The dimmest star that can be seen in Cepheus with the naked eye is HD 202987. The dim star has an apparent magnitude of 6. The dimmest star that a person is able to see with their naked eye is 6.0 magnitude based on the table in the reference. Ref: University of Michigan.
It is referred to as Herschel's Garnet Star because it was seen as being red in colour, very much like the mineral Garnet from where it gets its name from. It is one of the largest stars known and the largest star that is currently visible by the naked eye. It is nearing death as it has begun converting helium into carbon. Stars can only go so far in converting from one element to another before it explodes. Wiki
RW Cephei is an interesting star in the constellation, it is a humungous giant star. If it was in the centre of the solar system, we would be within it. It is not the largest star in the night sky, the current largest is UY Scuti which is 1,708 times as large according to latest research.
In addition to the constellation having RW Cephei, it also hosts VV Cephei, another super giant star. This star is not as large as RW Cephei but it is is still an impressively large star and once which would encompass our star if it was in the centre of the Solar System.
Cepheus is one of four constellations that can be seen all the year round in the Northern Hemisphere. There is no best or worst time for it. The only thing that could affect your viewing is light and exactly where you are in the Northern Hemisphere. Because of the Pole Star and being visible all year round, it was used by navigators in centuries long ago.
In Darwin, Australia, you are just able to see the constellation above the horizon in November at about 8-9 pm. Any other time or location more southerly, you will not be able to see.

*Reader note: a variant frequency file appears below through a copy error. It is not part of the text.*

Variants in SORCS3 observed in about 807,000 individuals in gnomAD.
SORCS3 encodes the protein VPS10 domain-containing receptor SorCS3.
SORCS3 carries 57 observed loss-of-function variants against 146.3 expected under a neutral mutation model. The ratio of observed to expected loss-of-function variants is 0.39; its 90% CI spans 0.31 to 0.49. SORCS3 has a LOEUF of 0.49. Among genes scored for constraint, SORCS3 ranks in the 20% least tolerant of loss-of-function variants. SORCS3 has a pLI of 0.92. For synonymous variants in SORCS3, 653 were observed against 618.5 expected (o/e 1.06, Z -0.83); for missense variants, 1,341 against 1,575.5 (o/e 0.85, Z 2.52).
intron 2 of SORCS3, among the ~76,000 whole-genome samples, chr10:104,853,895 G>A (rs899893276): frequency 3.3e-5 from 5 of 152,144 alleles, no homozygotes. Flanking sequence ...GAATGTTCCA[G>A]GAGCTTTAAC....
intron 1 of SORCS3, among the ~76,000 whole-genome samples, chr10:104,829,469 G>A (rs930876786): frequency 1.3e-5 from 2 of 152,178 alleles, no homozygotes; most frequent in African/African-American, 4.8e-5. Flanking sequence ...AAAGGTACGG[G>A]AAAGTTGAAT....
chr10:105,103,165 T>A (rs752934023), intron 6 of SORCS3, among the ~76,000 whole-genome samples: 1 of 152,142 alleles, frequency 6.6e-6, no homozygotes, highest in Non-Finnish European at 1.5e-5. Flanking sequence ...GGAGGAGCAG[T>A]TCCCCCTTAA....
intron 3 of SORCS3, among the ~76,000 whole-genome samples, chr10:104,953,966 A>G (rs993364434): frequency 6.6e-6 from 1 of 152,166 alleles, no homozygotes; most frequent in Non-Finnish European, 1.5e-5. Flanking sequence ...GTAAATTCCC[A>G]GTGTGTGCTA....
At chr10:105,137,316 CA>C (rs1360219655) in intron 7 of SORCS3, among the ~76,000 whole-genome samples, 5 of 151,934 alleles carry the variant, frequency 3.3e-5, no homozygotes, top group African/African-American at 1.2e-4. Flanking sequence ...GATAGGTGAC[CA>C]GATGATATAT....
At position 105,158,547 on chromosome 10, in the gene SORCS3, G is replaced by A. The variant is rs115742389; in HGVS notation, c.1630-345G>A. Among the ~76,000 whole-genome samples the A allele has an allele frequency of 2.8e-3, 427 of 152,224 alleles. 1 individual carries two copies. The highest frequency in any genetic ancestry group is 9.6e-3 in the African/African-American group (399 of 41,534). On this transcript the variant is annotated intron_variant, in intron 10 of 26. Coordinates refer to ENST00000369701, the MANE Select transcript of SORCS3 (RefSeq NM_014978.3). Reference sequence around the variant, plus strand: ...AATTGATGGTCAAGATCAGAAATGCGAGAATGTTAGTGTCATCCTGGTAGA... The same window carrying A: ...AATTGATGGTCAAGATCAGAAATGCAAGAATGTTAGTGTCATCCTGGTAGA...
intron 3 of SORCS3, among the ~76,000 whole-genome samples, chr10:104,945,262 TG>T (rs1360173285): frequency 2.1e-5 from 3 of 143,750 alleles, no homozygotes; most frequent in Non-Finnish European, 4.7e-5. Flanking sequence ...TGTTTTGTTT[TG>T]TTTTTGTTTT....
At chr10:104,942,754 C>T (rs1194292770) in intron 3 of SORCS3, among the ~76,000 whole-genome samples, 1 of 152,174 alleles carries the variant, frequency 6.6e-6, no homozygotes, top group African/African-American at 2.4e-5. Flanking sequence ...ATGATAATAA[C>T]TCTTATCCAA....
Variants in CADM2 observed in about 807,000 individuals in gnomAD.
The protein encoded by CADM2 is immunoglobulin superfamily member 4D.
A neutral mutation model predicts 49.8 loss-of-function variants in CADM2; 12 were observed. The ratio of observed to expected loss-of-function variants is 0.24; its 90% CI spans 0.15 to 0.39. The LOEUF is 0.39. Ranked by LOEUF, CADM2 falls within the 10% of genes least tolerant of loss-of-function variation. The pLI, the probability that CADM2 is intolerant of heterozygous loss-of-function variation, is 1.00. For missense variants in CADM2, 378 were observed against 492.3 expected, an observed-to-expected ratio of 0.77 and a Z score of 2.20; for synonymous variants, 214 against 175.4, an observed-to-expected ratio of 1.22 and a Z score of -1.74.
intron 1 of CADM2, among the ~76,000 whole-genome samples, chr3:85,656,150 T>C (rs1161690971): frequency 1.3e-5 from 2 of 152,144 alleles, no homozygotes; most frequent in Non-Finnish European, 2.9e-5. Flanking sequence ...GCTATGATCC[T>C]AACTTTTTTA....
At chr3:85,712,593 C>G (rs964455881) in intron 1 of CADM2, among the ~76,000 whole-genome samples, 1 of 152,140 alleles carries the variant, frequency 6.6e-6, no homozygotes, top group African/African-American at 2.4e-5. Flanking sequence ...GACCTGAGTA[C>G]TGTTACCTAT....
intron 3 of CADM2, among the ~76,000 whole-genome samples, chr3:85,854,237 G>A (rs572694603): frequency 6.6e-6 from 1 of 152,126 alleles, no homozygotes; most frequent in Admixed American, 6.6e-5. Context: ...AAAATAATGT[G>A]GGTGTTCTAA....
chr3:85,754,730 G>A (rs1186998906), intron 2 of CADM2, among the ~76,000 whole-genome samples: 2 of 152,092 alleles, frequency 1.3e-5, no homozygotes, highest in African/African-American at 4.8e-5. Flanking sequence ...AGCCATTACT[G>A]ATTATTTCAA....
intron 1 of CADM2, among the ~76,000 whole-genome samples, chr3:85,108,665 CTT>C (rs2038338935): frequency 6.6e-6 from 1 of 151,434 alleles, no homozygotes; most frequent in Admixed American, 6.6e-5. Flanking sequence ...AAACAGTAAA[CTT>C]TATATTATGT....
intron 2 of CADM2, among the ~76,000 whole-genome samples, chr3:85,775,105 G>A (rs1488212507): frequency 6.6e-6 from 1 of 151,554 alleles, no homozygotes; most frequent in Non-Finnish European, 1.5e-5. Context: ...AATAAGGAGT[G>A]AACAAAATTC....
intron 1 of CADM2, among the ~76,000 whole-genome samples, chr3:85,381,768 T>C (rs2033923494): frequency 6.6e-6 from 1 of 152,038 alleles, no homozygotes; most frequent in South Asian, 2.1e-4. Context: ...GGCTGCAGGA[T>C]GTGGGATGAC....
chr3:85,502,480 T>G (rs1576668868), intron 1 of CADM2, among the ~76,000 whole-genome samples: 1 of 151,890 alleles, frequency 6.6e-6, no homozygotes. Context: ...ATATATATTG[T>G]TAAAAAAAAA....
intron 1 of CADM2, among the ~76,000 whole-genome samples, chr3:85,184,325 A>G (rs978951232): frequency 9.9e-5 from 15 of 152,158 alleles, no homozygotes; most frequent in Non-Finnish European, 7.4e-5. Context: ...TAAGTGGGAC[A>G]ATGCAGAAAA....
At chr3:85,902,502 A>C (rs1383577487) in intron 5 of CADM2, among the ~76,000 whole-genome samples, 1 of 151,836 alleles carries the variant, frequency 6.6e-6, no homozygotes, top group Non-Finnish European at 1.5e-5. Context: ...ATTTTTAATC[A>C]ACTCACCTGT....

Cepheus, was the king of Philistia ( Now Ethiopia ) whose wife Cassiopeia ordered their daughter to be sacrificed to the Cetus sea whale. Cassiopeia would be rescued from Cetus by Perseus using the severed head of Medusa, the Gorgon woman who had snakes for hair and whoever she looked at could turn them to stone.
|Is a Zodiac Sign||No|
|Area||587.787 sq. deg.|
|Percentage of Night Sky||1.42%|
|Site Exoplanet Count||3|
|Meteor Shower Count||5|
|Nearest Star||Kruger 60|
|Nearest Star with Exoplanet(s)||HIP 109384|
|Largest Star||RW Cephei|
|Dimmest Star||HD 202987|
|Furthest Star||HIP 104589|
|Bright Star Count||95|
|Hipparcos Star Count||1885|
|Main Star Count||5|
|Messier Deep Space Object Count||0|
|Bordering / Neighbouring / Surrounding Constellations||Cassiopeia|
*Note: The number of Non-Messier Deep Space Object Count relates to how many are covered on this site not how many there are.
|Ghost Nebula||Bright Nebula||1,470 LY||68d 09` 48||21h 01m 36m 9|
|NGC 2300||Lenticular Galaxy||+85 42 31.90||07 32 20m 486|
|NGC 7160 (Open Galactic Cluster)||Open Star Cluster||2572.1 LY||+62:36:12||21h 53h 40|
|NGC 7822||Nebula||2,900 ly||+67d 25` 17.0||00h 01m 08m 58|
|Wizard Nebula (NGC7380)||Nebula||7.2 k||58:06||22h 47h 0|